• David Winkler

Bernstein the Educator



One of my childhood musical memories is watching on black and white television Leonard Bernstein's "Young People's Concerts." Over 50 of these concerts were produced during a fourteen year period from 1958 to 1972. In these programs, Bernstein conducted the New York Philharmonic Orchestra in an hour-long broadcast in which he explained various aspects of music to the audience. Besides being an outstanding composer and conductor, Bernstein was a natural teacher, with the ability to explain complex ideas in simple ways that even children could understand.




These programs are still available on DVD, and you can also find some of them on YouTube. One of my favorites is the episode titled "What Is Classical Music?" Bernstein's answer is that "classical" music is exact music ... i.e., music that is intended to be played exactly as it was written by the composer (with allowances for interpretation by the performer). This is in contrast to other styles, such as jazz, pop, or folk music, where the performers take the basic tune and play it in their own way. Another favorite is one in which he demonstrates the design of a musical composition in a program titled, "What is Sonata Form?"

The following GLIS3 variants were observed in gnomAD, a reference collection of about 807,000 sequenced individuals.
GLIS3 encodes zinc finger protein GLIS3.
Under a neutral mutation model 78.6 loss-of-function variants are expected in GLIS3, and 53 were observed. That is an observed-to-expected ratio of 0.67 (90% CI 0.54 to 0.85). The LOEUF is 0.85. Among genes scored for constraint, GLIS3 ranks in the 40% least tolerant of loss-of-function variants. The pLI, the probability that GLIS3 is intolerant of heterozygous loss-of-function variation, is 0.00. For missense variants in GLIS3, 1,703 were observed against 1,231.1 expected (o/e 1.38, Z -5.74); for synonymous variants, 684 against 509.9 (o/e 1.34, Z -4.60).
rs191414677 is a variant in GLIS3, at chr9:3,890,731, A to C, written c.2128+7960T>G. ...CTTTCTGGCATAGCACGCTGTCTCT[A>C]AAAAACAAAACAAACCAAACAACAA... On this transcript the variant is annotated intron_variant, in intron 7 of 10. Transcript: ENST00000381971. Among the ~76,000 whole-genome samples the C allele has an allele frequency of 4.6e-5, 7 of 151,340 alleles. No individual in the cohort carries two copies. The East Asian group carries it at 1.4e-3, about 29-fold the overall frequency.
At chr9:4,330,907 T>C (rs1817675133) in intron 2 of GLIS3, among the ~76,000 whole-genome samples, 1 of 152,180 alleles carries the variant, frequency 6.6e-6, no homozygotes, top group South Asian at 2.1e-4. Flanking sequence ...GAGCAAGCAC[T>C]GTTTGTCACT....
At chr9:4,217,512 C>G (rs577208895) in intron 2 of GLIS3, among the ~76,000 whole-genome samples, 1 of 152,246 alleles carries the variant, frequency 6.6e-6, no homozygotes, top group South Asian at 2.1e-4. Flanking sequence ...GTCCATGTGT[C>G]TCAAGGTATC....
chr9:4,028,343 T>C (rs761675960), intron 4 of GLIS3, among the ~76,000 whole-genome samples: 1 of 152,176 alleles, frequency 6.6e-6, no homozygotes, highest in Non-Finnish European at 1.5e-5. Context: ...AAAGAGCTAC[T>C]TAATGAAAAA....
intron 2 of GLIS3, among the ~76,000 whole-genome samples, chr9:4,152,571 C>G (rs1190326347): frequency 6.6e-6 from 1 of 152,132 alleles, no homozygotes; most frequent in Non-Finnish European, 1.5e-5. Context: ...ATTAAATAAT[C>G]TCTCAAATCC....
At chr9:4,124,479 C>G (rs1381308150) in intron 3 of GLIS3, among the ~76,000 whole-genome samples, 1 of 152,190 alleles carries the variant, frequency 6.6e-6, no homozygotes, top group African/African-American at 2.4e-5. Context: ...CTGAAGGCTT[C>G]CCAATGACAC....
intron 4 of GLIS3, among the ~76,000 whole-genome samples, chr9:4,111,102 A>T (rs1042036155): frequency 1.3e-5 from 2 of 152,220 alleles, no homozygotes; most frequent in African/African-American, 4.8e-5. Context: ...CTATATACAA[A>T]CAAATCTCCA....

Bernstein also conducted a number of broadcasts during the 1950s for a culture-related program on CBS television called Omnibus. For instance, in one of the episodes, he explained Beethoven's compositional process for the famous Fifth Symphony. You can view the program at this link. And you can read more about Bernstein–conductor, composer, and educator–at leonardbernstein.com.

 

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